Sunday, May 17, 2015

Pacemaker's lead Active versus passive fixation

Pacing leads must be secured in the inside of the heart. Ventricular leads often use passive-fixation mechanisms, such as fins or tines, which lodge in the trabeculae lining the interior of the ventricle. The fins or tines snag the lead into position, and over time, fibrosis grows over the interface between lead and tissue such that the lead is firmly in place in the heart. In fact, chronic leads are so securely fixated by fibrosis that they can be difficult to extract if that is ever necessary.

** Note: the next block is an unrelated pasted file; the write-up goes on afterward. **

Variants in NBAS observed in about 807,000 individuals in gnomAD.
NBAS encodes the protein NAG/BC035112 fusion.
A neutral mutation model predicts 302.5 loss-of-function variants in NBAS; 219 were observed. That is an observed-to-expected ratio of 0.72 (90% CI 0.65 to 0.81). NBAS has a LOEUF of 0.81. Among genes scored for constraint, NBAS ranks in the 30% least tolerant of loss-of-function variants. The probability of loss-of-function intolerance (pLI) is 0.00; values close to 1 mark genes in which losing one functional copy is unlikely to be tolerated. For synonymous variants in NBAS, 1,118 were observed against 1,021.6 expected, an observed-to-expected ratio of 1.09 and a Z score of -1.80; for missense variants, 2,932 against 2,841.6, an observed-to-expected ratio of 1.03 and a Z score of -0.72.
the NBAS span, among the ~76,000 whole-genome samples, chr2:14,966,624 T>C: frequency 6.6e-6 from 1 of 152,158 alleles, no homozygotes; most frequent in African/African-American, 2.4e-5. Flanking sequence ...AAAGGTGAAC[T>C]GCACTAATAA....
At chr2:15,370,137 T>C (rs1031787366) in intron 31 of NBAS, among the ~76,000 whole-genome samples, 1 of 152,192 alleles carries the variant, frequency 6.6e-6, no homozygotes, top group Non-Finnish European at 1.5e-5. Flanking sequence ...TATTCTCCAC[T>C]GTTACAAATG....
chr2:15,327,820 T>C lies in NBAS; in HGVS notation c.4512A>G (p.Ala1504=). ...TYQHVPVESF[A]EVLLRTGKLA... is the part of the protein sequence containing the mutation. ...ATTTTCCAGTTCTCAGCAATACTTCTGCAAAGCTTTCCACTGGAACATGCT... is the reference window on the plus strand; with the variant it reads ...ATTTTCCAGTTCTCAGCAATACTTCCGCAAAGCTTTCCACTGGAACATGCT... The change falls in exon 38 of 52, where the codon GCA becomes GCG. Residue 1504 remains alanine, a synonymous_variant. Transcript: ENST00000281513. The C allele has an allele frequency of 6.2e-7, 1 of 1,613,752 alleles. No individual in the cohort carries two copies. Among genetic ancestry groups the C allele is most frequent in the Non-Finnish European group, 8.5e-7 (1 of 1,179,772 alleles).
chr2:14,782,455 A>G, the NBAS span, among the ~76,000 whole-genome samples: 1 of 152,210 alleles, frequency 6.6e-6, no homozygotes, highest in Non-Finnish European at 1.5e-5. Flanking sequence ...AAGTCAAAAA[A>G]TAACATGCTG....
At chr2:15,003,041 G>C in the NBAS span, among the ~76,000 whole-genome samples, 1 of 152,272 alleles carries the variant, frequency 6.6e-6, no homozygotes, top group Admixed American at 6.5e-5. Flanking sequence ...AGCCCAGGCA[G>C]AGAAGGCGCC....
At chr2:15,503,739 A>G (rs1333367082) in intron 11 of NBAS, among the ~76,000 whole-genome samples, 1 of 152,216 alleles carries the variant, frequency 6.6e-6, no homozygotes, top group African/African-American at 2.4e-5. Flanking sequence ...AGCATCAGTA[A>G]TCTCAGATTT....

Atrial leads typically use active-fixation mechanisms because the interior of the atria tends to be smooth walled and possesses no trabeculae. Of course, active-fixation leads can also be used in the ventricles, if the implanting physician chooses. An active-fixation lead has a corkscrew or helix or another mechanism that is deployed and twisted or screwed into the heart. There are a number of active-fixation leads on the market and most usually involve a small tool to twist or turn to deploy the active-fixation mechanism. These leads are securely fixated right at implant and can be easier to remove, if necessary. Implanting physicians may have ideas as to where they want the leads to be fixated, such as the right ventricular outflow tract, but finding the optimal lead location can involve some trial and error. Once a lead is secured in the heart, it has to be tested to be sure that the electrical characteristics are acceptable. A lead can be properly placed mechanically but yield suboptimal electrical results. In such cases, the physician moves the lead to a new spot and tests it again. It is not at all unusual during implant for a physician to move the leads a few times to achieve the desired electrical performance.

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